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Trail marking with directional signs and safety messages on the Middleton, Wisconsin trail system.


City of Middleton, Wisconsin, trail network

photo of trail along roadway with separate sidewalk

An example of the "Supreme Streets" concept, promoting safe use
and access for vehicles, transit, bicyclists, and pedestrians

In the summer of 2003, the City of Middleton, Wisconsin constructed a trail, named the West Trail, along an underground sanitary sewer route, thereby completing a connecting between the intersections of Pheasant Branch Road/Whittlesey Road and Century Ave./Branch Street.

This was the beginning of a concerted effort to establish a comprehensive trail network for the city.  Since then the City of Middleton trail network has been greatly expanded and has grown to include 16 trails composing almost 15 miles of trails with additional expansion planned in the future. In addition, the trail network intersects with the Wisconsin D.O.T. Trail and Dane County Trails providing an additional 8+ miles of trails.

Highlights of the Middleton Trail Network include:

The Pheasant Branch Conservancy: This trail segment features natural springs and seeps which flow into Pheasant Branch Creek and Lake Mendota at a rate of 1,800 gallons of water per minute.  The oak savannas, prairies, and wetlands of the conservancy are home to an abundance of native vegetation and wildlife species including the endangered Blandings turtle.  

photo of trail along businesses

Providing bike and pedestrian access while keeping a safe separation
from parking and roadways

The South Trail: This trail segment features one of the longest stretches of boardwalk in Dane County.  Its completion created the ability for visitors to the Conservancy to hike or bicycle around its perimeter.  It also provides pedestrian access to a "duck blind" overlooking the heart of the conservancy.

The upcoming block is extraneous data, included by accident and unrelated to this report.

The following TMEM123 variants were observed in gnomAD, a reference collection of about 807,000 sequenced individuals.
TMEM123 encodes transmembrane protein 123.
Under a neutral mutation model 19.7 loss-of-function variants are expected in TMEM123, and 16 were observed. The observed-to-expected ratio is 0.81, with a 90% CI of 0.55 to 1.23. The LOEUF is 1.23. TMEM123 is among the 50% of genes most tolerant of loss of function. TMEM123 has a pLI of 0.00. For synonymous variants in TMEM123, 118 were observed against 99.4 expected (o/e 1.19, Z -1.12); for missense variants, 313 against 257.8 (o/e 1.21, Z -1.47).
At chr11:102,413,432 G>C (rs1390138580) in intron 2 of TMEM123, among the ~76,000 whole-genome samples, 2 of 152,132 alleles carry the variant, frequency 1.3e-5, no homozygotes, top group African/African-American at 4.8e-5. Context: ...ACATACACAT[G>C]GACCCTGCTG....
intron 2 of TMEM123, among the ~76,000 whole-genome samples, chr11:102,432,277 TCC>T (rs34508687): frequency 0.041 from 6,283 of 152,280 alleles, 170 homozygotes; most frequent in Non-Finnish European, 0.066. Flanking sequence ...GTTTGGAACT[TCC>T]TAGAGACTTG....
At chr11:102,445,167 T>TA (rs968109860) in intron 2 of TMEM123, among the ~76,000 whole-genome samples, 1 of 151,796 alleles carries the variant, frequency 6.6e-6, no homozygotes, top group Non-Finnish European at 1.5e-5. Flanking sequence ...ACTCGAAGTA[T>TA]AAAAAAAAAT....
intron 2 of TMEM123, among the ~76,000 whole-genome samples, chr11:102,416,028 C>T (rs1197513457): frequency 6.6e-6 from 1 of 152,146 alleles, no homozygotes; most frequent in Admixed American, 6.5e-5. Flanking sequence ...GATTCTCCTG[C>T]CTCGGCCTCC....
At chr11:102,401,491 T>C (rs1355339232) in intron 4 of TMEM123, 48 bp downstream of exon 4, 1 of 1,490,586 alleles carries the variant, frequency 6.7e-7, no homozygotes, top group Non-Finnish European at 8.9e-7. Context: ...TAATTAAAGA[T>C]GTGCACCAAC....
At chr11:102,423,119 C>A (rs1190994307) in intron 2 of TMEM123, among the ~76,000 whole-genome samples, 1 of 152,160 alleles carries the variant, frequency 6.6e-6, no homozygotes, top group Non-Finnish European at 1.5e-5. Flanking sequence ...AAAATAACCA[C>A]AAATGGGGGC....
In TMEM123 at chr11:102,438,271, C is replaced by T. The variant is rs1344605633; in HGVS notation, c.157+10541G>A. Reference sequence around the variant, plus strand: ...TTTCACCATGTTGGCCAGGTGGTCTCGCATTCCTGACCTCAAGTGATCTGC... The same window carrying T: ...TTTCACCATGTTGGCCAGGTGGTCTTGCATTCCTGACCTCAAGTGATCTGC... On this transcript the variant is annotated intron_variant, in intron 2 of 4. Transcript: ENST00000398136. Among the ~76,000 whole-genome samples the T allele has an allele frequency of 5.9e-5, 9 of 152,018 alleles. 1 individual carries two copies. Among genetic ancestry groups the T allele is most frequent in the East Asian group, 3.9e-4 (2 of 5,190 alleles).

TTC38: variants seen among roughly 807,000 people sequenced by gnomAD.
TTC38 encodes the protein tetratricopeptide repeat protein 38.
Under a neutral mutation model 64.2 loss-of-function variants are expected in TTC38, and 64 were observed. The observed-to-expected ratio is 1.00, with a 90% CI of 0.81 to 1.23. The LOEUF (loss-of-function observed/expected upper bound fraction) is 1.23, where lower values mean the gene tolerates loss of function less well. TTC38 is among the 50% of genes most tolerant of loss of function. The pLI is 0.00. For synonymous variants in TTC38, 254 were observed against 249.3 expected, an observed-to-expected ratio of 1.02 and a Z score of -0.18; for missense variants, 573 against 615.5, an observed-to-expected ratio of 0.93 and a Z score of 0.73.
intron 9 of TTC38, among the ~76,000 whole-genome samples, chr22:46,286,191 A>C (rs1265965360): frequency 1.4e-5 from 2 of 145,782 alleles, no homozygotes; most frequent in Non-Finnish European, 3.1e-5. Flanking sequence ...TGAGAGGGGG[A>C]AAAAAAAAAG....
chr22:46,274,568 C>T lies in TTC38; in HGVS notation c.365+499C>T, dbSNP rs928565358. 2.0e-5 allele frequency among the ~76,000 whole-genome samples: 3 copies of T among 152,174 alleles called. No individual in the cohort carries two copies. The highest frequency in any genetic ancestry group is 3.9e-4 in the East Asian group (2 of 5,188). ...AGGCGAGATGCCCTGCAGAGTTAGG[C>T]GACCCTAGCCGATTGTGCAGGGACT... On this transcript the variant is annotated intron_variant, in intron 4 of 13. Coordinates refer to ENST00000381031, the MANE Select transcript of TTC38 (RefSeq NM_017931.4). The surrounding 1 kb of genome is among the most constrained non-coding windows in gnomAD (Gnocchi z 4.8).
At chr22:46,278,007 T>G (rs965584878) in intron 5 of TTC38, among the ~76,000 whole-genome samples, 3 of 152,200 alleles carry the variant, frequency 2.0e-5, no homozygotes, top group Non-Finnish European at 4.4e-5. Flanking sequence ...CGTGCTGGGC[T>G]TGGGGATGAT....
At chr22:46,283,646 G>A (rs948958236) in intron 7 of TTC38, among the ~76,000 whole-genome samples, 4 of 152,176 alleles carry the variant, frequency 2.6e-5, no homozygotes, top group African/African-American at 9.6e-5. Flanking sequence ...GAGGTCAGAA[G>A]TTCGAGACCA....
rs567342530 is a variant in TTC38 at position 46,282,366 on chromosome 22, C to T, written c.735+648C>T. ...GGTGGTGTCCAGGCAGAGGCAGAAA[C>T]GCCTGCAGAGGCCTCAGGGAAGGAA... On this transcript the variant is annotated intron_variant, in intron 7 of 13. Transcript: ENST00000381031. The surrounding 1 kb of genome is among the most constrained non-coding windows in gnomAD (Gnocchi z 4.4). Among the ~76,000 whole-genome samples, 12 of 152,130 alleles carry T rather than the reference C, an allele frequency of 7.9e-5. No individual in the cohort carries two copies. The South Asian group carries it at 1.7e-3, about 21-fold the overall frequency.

The City of Middleton Trail Network is managed by Penni Klein, Public Lands Manager.

The Winter 2011 issue of American Trails includes an article about the Middleton Trails Network use of porous asphalt for trail surfaces (pages 28-30).

Rhino Marking & Protection Systems is proud to have provided marker posts for this great trail network.  Marker posts used include the Rhino TriView™ Marker Post with 360˚ visibility, impact resistance from any direction, long-term durability, UV-stable and temperature-stable weather resistance plus 100% recyclable. Also used was the Rhino 4-Rail™ fiberglass marker post. Information on these posts can be found on page 2 of the Winter 2011 issue of American Trails. The complete Rhino product line can be found at

photo of trail marker postphoto of trail marker post

The left two posts are examples of Rhino 4-Rail™ fiberglass marker posts, and the right two are Rhino TriView™ Marker Posts

















More details about the trail network can be found at

A trail map is available here:


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